So, I have a good friend (15 years younger) who is a hard core biker. I asked him to help me look for a bike (had my heart set on a 350 KAW). One day, he showed up at my house with a 900 KAW. He told me to get on the back. Honestly, I didn't know the etiquette of riding as a back seat passenger - especially on a bike without a sissy bar. Do you "gingerly" place your hands on your buddy's hips, do you hold onto his shoulders? What? So buddy takes me to the highway and blasts off. It was then I knew what to do with my hands. I put a death grip around his middle and held on for dear life. I could just see the speedo as we wound to 110 and back to 0 between two stop lights on the city by-pass.

I told my buddy I was just-now out of the bike-looking phase - which I'm certain is what he intended. I wasn't cut out for it. I'd lived that long without a bike and I would probably live a lot longer without one. Only reason I mention this is the fact that you have been without a bike for 2 years. Maybe you've been given a "second chance' by the bike demons (or gods - whichever you prefer). Maybe retirement will last longer without a bike. No offense intended. It's just a thought as YMMV.
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Old 01-07-2014, 04:48 PM   #5
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I could just see the speedo as we wound to 110 and back to 0 between two stop lights on the city by-pass.
He did you a disservice, much as (a few) dang fool airplane pilots do when they take someone up for a first ride and then scares the daylights out of him, and that passenger will never willingly get on an airplane again.

Me, I haven't grown up yet. I bought this Suzuki C90T after 32 years of non-riding. I bought and studied a bunch of books on the topic, took the class, and for the first 100 miles or so I almost never left the housing development except to go to a school parking lot on Sundays for practice where there was more room.

Any idiot can slam the throttle open on a straight. It takes some finesse to maneuver a heavy bike in a crowded parking lot. BTW, I weigh 150 lbs. and the bike is a tad over 800.
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File Type: jpg bike_ride-1.jpg (228.1 KB, 7 views)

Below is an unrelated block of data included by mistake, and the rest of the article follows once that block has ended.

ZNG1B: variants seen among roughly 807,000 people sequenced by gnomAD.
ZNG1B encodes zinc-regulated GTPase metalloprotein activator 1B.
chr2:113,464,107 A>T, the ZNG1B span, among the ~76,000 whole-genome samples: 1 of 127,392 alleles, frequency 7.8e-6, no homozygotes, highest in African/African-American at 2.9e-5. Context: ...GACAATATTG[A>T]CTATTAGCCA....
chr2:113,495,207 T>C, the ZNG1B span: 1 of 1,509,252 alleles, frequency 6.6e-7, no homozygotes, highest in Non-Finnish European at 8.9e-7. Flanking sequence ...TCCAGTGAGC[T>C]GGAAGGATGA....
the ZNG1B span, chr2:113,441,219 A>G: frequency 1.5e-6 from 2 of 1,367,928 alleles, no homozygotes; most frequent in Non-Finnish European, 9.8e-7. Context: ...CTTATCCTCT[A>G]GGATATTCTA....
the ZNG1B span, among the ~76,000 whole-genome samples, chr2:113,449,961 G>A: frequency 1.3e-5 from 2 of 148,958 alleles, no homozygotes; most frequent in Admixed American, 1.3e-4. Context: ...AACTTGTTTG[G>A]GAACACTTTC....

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Old 01-07-2014, 06:03 PM   #6
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Except for a couple of short rides down the road I've been off my motorcycles for 4 years now due to 3 back surgeries (unrelated to the bikes). It's been driving me nuts! I can't wait to start riding regularly again and take a few trips. I do understand your reservations Koolau. There are way too many people on the road that don't pay attention to motorcycles and bicycles. Couple that with the increasing number of idiots using their cell phones and texting even driving a car can get quite dangerous.

It sounds like retiredatfifty has a good plan to ride safely and avoid the more dangerous roads.

Cheers!
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Old 01-07-2014, 06:06 PM   #7
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He did you a disservice, much as (a few) dang fool airplane pilots do when they take someone up for a first ride and then scares the daylights out of him, and that passenger will never willingly get on an airplane again.

Me, I haven't grown up yet. I bought this Suzuki C90T after 32 years of non-riding. I bought and studied a bunch of books on the topic, took the class, and for the first 100 miles or so I almost never left the housing development except to go to a school parking lot on Sundays for practice where there was more room.

Any idiot can slam the throttle open on a straight. It takes some finesse to maneuver a heavy bike in a crowded parking lot. BTW, I weigh 150 lbs. and the bike is a tad over 800.